It’s done. I have ticked off one box that I can never tick off again. I have competed in my fifth and final CanadaWest swimming championships. One more meet and then it’s time to hang up the suit and goggles.
For most university varsity swim teams in Western Canada, CanWest is an opportunity to prepare for the last meet of the varsity season, the CIS National Championships. We don’t rest, we don’t taper, and if we’re doing it right, we don’t shave our hairy, mammoth legs that have been growing since the start of September. CanadaWest is just another chlorine filled weekend en route to CIS. It is a chance to see ex-teammates from high school who attend different universities and get some racing under our caps, but other than that it is nothing too spectacular.
I assumed going into my last CanWest that at the end of it I would be filled with a sense of satisfaction and relief. I thought I would be happy and excited to have finally begun wrapping up 14 years of competitive swimming. I’ve felt my passion for the sport fading and transfering to other parts of my life. I couldn’t have been more wrong.
Instead, I sat on the pool deck Sunday night having a mini mid-life crisis. The emotion that was circulating through my body was not happiness or completion it was sadness and heartache. The sheer energy I felt over the weekend had thrown my senses for a loop. I was confused to say the least, as I had been so excited to finish the meet and get moving towards CIS in late February. It was there, sitting on the pool deck at the end of the meet, that I realized what had happened over a period of three days.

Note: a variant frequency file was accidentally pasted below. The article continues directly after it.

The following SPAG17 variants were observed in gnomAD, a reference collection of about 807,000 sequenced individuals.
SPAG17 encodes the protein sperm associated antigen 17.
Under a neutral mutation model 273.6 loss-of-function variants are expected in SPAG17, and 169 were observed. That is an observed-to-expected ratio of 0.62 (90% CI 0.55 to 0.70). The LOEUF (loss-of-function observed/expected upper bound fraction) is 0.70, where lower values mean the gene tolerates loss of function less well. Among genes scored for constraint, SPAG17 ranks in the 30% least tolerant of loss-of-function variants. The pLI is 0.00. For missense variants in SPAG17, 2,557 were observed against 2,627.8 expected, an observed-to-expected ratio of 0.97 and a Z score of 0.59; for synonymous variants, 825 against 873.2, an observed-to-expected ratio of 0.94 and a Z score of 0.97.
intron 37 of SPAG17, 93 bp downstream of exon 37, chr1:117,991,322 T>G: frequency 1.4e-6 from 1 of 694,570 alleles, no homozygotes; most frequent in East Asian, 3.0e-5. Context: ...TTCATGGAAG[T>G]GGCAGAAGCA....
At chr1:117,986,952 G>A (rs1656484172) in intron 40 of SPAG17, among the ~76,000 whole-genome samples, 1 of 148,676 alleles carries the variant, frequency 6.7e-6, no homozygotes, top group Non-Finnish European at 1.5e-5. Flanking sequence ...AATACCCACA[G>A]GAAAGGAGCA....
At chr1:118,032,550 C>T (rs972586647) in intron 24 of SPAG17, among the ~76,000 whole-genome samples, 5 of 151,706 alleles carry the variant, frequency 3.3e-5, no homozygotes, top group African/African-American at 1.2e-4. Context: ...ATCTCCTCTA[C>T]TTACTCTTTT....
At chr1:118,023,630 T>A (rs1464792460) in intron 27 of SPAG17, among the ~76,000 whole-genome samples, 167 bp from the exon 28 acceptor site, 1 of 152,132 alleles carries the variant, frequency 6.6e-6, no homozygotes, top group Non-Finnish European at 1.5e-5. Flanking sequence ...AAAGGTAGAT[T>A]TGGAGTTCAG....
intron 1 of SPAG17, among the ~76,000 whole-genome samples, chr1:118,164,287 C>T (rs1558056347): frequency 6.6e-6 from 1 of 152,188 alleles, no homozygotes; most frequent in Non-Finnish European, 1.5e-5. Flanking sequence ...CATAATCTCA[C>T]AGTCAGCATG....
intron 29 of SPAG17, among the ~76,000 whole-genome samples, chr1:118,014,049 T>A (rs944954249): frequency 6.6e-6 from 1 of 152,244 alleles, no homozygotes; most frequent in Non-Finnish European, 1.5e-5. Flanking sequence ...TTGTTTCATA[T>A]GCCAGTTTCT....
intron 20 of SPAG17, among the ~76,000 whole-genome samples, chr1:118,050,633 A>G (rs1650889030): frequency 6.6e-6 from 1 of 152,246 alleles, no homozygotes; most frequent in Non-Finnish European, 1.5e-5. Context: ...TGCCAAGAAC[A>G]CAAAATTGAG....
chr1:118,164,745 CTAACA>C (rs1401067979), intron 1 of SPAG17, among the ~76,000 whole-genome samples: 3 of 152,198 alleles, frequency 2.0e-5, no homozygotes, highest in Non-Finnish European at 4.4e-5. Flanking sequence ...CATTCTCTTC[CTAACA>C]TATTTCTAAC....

Unlike the past four CanWests, this one was filled with spectacular feats. I watched my teammates have breakout swims and personal bests but what I was most pleased with was how, over those three long days, I watched an individual sport become a team sport. I saw my teammates rally together and support each other regardless of how fast or slow they were swimming. Every Vikes swimmer that raced had a sea of teammates in “safety green” shirts standing on the side of the pool deck, holding bells and signs reading “shine bright like a diamond,” cheering so loud that after the first day, a few had already lost their voices.
Over that weekend my opinions and ideas of CanWest dissolved. It took me four years to figure out what the point of CanWest is, but I think I’ve finally got it.
CanWest is an opportunity and a privilege to be a part of. Despite the occasional bad race, lost voice or upset coach, it is a chance to witness people break out of their personal bubbles. It is a chance to learn how to rise no matter how horrible you feel in the water. It is a chance to support teammates in their struggle to reach the CIS cut and finally it is a chance to just “throw down” some epic battles in the pool.